Miliband pledges new force to lead financial crackdown
Ed Miliband will promise today to create a team of specialists in the Serious Fraud Office whose sole job will be to hunt down perpetrators of market rigging and similar types of financial crime.
The pledge will be included in a speech by the Labour leader on ways in which the Government can influence the culture of those working in the big banks, and bring back old fashioned ideas about serving customers.
Mr Miliband is expected to say: "We would set up a new financial crime unit at the Serious Fraud Office so that our country is no longer a soft touch for white-collar crime."
His comments are aimed at addressing public anger over the way that bankers who rig interest rates appear to get away with it, because the Financial Services Authority has no power to prosecute, when others who commit offences involving far smaller sums are brought to justice.
Labour politicians say the SFO has the power, but not the capacity, to go after bankers who rig the system.
The shadow Chancellor, Ed Balls, emphasised yesterday that rigging the Libor rate was a criminal offence, and "always was". He accused the Government and the SFO of being "very, very tardy" in going after the culprits.
He told the BBC's Andrew Marr programme: "It's not the regulator's job to enforce the criminal law. That's the job of the Serious Fraud Office. And the reason why people are so angry is they think when people avoid their taxes or cheat on benefits they get sentences in jail; but when bankers do massive multi-million or billion-pound frauds, there aren't criminal prosecutions."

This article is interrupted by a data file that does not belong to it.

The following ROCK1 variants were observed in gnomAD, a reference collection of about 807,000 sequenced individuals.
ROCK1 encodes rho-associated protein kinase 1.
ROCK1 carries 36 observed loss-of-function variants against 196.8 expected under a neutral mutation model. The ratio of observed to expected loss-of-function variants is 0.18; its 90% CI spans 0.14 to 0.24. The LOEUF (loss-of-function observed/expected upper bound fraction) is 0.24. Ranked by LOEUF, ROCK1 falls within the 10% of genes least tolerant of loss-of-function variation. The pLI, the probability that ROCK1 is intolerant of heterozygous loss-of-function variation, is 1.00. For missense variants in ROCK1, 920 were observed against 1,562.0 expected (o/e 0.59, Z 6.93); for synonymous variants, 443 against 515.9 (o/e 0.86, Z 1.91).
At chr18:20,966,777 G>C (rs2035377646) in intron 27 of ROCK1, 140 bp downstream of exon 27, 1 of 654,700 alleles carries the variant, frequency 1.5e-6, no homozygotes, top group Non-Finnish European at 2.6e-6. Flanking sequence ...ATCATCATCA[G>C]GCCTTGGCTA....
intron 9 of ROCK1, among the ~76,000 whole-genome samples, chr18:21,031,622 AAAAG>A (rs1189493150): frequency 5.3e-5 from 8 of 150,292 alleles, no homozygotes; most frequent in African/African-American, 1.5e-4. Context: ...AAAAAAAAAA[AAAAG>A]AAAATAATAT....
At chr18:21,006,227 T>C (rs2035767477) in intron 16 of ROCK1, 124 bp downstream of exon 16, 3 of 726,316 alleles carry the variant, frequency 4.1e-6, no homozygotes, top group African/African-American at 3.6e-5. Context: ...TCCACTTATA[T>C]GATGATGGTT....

The shadow Home Secretary, Yvette Cooper, added that the fraud office needs more state backing to do its job.
"What the Government should be doing is giving the Serious Fraud Office some of the money, for example, from this huge fine that Barclays had to pay, to make sure there is a proper investigation and people actually face charges," she said.
In his speech, Mr Miliband will also stress the importance of increasing competition between the high-street banks. Lloyds has already been told to sell 650 of its premises in the wake of its takeover of the Halifax Bank of Scotland.
The Labour leader will promise that a Labour government will go further, so that instead of high-street trade being dominated by five banks, there will be seven. He also wants a new code of conduct for banks, which would be supervised by an organisation similar to the British Medical Association.
The Business Secretary, Vince Cable, said moves were already under way to make the banks more customer-friendly.
"I want to see more competition. It's a good idea and it's happening. We are creating a more competitive banking system," he said.
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